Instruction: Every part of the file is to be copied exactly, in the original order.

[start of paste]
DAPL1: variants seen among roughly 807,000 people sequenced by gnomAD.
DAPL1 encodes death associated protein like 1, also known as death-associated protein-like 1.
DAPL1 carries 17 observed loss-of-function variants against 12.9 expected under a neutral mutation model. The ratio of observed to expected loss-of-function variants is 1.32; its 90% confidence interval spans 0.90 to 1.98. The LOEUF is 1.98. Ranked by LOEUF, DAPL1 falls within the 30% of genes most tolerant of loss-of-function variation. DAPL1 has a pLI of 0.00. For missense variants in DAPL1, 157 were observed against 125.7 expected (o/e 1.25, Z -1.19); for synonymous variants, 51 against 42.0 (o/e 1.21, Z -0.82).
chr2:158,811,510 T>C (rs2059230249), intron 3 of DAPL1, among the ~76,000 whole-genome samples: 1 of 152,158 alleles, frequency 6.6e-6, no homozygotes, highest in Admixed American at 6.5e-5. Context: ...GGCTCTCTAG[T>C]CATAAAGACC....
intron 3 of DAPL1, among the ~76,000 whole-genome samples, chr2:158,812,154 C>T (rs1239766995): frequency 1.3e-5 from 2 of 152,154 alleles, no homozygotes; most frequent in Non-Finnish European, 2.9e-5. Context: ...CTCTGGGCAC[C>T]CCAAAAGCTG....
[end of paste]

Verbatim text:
DAPL1: variants seen among roughly 807,000 people sequenced by gnomAD.
DAPL1 encodes death associated protein like 1, also known as death-associated protein-like 1.
DAPL1 carries 17 observed loss-of-function variants against 12.9 expected under a neutral mutation model. The ratio of observed to expected loss-of-function variants is 1.32; its 90% confidence interval spans 0.90 to 1.98. The LOEUF is 1.98. Ranked by LOEUF, DAPL1 falls within the 30% of genes most tolerant of loss-of-function variation. DAPL1 has a pLI of 0.00. For missense variants in DAPL1, 157 were observed against 125.7 expected (o/e 1.25, Z -1.19); for synonymous variants, 51 against 42.0 (o/e 1.21, Z -0.82).
chr2:158,811,510 T>C (rs2059230249), intron 3 of DAPL1, among the ~76,000 whole-genome samples: 1 of 152,158 alleles, frequency 6.6e-6, no homozygotes, highest in Admixed American at 6.5e-5. Context: ...GGCTCTCTAG[T>C]CATAAAGACC....
intron 3 of DAPL1, among the ~76,000 whole-genome samples, chr2:158,812,154 C>T (rs1239766995): frequency 1.3e-5 from 2 of 152,154 alleles, no homozygotes; most frequent in Non-Finnish European, 2.9e-5. Context: ...CTCTGGGCAC[C>T]CCAAAAGCTG....